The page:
Make Your Own Row Covers Gardening

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Make Your Own Row Covers Gardening

Make Your Own Row Covers

Well, it’s that time of the year again. Time to put up or shut up.  Time to protect your crops or give them up to old man winter.

Luckily for us, there is a cheap easy, and effective way of doing this. Floating Row Cover Home Depot.ir?source=bk&t=gardensnurs0b 20&bm id=default&l=ktl&linkId=277e54cea014ef9e481cc0a6a6084beb& cb=1566320337297

A row cover is a simple device.  It’s a way of replicating greenhouse effectiveness in a small and acute manner. It consists of a few simple parts. I’ll tell you how to make them or get them cheap. So to get the best results with your vegetable garden we recommended you utilize vegetable garden Covers Row to protect them from different climatic alias

1. Structure –

You need something to hold the thing together and keep it in shape. There are a variety of materials you could use. you can build a wooden frame from pallet wood or leftover lumber. That’s the cheapest route. The next cheapest is buying some water piping from Lowes or Home Depot.

DO NOT BUY PVC!  I’ll talk about PVC in future posts. I could tell you horror stories or I could just name-drop: Joel Salatin told me during an interview that he’d never rely on PVC for structures again! What you want for the tubing is in the plumbing section but it’s smaller and more flexible than PVC. It will not break as easily.

The most expensive method would be using rebar. A rebar is a steel rod with knurled areas. It’s used to make concrete stronger. If you can find a way to bend it you can make hoops and use them. With the pipe or rebar, you can simply push the ends into the ground. Push them as deep as you can or they can come loose and your structure can collapse.

2. Plastic –

Luckily for me, we had extra plastic from a trip to Lowes. We used it for a cheap drop cloth. You can pick up a roll of clear plastic from Lowes for about 10 bucks max. This is the cheapest I’ve found. The thicker the better but thin plastic will work.

3. Clips –

You will need to secure the plastic to the ground and close it up. I use old welding wire spool funnels (not welding wire!) that I cut into shape. I salvaged these from work. Clothes hangers work but aren’t perfect.  Just cut them long and curve the ends so they stay.

How to Make Row Covers

Form your hoops and stick them into the ground. I have a row planted already (the seed should be sprouted and growing well or you might not get good growth). I just stick the hoop ends in on either side of the row and space them about 2-3 feet apart. I put as many as I need. Then I roll the plastic over the hoops and make the sides even.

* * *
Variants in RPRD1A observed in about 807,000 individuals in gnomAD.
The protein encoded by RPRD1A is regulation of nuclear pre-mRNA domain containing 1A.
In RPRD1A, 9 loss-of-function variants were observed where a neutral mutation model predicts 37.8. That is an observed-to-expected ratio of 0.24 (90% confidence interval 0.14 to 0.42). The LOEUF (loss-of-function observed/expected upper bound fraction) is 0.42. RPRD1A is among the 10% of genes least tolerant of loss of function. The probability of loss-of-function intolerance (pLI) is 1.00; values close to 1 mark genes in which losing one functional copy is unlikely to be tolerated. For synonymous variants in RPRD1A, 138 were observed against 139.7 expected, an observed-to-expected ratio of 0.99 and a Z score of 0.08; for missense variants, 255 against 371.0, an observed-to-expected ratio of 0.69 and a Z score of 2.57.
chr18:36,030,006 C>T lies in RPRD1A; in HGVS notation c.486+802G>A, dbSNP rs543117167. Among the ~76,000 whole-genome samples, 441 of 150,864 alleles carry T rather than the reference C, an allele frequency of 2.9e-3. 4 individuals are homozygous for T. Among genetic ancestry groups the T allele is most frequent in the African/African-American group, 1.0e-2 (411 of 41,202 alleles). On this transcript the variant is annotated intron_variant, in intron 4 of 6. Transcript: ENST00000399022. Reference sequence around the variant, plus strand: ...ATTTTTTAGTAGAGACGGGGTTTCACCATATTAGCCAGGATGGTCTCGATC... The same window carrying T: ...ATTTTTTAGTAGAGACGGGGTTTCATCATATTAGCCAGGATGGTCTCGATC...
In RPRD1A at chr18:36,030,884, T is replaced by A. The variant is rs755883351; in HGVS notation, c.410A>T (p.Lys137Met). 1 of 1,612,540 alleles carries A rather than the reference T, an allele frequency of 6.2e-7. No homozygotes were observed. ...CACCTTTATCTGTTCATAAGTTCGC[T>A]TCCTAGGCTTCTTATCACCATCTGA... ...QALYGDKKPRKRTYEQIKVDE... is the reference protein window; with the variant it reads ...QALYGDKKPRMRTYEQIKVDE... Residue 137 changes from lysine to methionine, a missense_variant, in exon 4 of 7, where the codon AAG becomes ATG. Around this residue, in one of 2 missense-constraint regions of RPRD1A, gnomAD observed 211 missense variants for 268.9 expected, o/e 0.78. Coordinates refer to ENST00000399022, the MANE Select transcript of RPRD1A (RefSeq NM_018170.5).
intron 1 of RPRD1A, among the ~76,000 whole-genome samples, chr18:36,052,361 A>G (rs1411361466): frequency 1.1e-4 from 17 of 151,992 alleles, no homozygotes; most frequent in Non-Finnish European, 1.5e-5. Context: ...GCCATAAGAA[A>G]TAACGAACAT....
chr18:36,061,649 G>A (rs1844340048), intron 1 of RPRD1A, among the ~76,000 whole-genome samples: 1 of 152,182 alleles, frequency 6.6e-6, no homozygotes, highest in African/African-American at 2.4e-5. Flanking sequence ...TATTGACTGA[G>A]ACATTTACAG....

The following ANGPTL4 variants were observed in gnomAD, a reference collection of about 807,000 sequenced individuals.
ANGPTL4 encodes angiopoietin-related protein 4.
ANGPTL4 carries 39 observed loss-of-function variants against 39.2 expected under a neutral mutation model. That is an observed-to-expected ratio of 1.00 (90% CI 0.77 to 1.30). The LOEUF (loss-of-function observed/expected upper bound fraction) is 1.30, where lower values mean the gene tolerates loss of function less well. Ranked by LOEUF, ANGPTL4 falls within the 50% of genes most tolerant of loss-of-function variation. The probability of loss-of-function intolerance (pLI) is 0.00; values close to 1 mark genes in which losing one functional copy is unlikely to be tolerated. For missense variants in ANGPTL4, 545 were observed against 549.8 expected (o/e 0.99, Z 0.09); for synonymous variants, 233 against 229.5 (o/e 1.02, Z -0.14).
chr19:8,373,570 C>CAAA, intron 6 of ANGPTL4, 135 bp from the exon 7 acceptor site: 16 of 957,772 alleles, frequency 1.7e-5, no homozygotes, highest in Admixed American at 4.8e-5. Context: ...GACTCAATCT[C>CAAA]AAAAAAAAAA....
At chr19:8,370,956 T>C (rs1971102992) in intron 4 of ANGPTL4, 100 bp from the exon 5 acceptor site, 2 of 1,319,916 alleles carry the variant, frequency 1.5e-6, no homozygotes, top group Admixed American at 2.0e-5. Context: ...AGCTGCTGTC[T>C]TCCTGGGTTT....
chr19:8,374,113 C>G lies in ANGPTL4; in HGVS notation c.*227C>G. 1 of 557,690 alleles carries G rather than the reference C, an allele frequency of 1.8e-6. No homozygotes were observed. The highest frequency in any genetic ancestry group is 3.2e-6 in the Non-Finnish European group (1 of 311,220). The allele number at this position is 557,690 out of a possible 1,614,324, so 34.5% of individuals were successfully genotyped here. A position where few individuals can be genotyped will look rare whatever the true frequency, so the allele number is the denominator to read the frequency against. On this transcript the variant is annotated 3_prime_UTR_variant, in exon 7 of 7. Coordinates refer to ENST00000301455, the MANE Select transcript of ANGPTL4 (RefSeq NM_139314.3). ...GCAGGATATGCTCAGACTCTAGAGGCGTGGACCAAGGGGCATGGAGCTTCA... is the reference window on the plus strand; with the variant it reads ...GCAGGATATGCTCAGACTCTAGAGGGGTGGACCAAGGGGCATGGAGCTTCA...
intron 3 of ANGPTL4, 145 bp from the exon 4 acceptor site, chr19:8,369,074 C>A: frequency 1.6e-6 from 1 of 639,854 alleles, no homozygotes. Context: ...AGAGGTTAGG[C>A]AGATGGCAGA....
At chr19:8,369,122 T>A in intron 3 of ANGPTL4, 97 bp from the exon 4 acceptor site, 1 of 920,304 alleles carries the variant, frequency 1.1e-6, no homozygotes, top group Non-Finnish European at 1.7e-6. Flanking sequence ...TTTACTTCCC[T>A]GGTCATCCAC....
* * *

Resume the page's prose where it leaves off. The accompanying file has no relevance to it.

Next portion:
Then I secure the sides. You can use clips or you can lay long lumber scraps to hold the sides down. The ends should be pulled together so that you can hold the end in one hand. Then clip that tail to the ground. Go around and make sure there are no air gaps. Place bricks, lumber, rocks, or other weights to keep the plastic down with plant covers.

That’s it. Check it often but open it only when necessary. Water stays pretty well but if you water it you can just let it run under the plastic and in.

Frost Protection In The Garden

Winter is tough on plants, which are often exposed to hard wind, rain, and freezing temperatures, not to mention snow.

Luckily, there are ways to protect the plants in your garden and yard from frost. When the temperature drops to freezing, or 32 degrees, frost damage can be minimal and only affect a leaf or two. But if the temperature continues to drop, plant cells will freeze, and non-hardy plants will die.

Of course, the best way to protect your garden from frost is to only grow plants that can withstand the frost. Ask a qualified local nurseryman what plants are suitable to grow in your area.

If the forecast calls for frost where you live, cover your garden plants before dusk. Use newspaper, cardboard, plastic tarps, bed sheets, or any other lightweight material to create a tent of protection. Remove the covers in the morning after the frost has thawed.

Potted plants can be brought indoors overnight, or brought undercover on a porch or patio.

If despite your best efforts, frost damage occurs, leave the dead or damaged parts intact, as they will provide limited insulation from further frost damage.


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